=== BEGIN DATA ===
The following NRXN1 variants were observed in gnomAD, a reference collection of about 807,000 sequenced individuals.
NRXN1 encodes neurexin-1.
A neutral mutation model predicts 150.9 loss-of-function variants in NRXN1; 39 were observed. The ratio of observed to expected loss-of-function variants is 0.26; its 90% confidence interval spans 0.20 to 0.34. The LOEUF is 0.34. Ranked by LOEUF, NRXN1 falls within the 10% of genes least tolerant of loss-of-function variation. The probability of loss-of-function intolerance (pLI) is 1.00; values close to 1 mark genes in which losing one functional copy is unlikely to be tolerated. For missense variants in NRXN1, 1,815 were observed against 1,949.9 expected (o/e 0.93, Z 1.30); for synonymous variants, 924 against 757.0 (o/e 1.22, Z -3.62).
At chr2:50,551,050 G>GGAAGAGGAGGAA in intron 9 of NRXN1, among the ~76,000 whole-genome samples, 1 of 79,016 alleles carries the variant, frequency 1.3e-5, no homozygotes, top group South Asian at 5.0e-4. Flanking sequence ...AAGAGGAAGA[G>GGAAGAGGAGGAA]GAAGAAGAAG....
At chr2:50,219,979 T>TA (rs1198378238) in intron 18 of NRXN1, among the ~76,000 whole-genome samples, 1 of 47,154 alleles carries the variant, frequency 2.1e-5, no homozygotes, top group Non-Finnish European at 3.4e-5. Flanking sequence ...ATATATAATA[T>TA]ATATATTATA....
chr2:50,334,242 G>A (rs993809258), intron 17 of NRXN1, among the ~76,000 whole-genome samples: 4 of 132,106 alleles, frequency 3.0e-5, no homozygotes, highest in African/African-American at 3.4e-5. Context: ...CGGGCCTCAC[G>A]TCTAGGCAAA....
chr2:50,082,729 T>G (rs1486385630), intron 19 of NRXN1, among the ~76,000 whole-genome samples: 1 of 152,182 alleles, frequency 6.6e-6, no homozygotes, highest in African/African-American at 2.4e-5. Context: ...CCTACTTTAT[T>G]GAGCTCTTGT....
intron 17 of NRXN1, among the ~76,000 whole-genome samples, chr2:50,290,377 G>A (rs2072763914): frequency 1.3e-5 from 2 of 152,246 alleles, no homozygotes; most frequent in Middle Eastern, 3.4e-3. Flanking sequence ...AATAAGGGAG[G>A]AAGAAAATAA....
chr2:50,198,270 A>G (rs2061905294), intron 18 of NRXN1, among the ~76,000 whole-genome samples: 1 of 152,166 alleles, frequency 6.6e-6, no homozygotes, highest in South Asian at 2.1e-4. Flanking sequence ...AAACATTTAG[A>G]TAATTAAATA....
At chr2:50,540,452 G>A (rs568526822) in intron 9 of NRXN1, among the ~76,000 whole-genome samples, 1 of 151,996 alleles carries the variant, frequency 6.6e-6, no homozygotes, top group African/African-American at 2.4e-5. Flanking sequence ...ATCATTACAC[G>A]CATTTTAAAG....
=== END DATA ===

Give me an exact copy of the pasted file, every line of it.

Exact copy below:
The following NRXN1 variants were observed in gnomAD, a reference collection of about 807,000 sequenced individuals.
NRXN1 encodes neurexin-1.
A neutral mutation model predicts 150.9 loss-of-function variants in NRXN1; 39 were observed. The ratio of observed to expected loss-of-function variants is 0.26; its 90% confidence interval spans 0.20 to 0.34. The LOEUF is 0.34. Ranked by LOEUF, NRXN1 falls within the 10% of genes least tolerant of loss-of-function variation. The probability of loss-of-function intolerance (pLI) is 1.00; values close to 1 mark genes in which losing one functional copy is unlikely to be tolerated. For missense variants in NRXN1, 1,815 were observed against 1,949.9 expected (o/e 0.93, Z 1.30); for synonymous variants, 924 against 757.0 (o/e 1.22, Z -3.62).
At chr2:50,551,050 G>GGAAGAGGAGGAA in intron 9 of NRXN1, among the ~76,000 whole-genome samples, 1 of 79,016 alleles carries the variant, frequency 1.3e-5, no homozygotes, top group South Asian at 5.0e-4. Flanking sequence ...AAGAGGAAGA[G>GGAAGAGGAGGAA]GAAGAAGAAG....
At chr2:50,219,979 T>TA (rs1198378238) in intron 18 of NRXN1, among the ~76,000 whole-genome samples, 1 of 47,154 alleles carries the variant, frequency 2.1e-5, no homozygotes, top group Non-Finnish European at 3.4e-5. Flanking sequence ...ATATATAATA[T>TA]ATATATTATA....
chr2:50,334,242 G>A (rs993809258), intron 17 of NRXN1, among the ~76,000 whole-genome samples: 4 of 132,106 alleles, frequency 3.0e-5, no homozygotes, highest in African/African-American at 3.4e-5. Context: ...CGGGCCTCAC[G>A]TCTAGGCAAA....
chr2:50,082,729 T>G (rs1486385630), intron 19 of NRXN1, among the ~76,000 whole-genome samples: 1 of 152,182 alleles, frequency 6.6e-6, no homozygotes, highest in African/African-American at 2.4e-5. Context: ...CCTACTTTAT[T>G]GAGCTCTTGT....
intron 17 of NRXN1, among the ~76,000 whole-genome samples, chr2:50,290,377 G>A (rs2072763914): frequency 1.3e-5 from 2 of 152,246 alleles, no homozygotes; most frequent in Middle Eastern, 3.4e-3. Flanking sequence ...AATAAGGGAG[G>A]AAGAAAATAA....
chr2:50,198,270 A>G (rs2061905294), intron 18 of NRXN1, among the ~76,000 whole-genome samples: 1 of 152,166 alleles, frequency 6.6e-6, no homozygotes, highest in South Asian at 2.1e-4. Flanking sequence ...AAACATTTAG[A>G]TAATTAAATA....
At chr2:50,540,452 G>A (rs568526822) in intron 9 of NRXN1, among the ~76,000 whole-genome samples, 1 of 151,996 alleles carries the variant, frequency 6.6e-6, no homozygotes, top group African/African-American at 2.4e-5. Flanking sequence ...ATCATTACAC[G>A]CATTTTAAAG....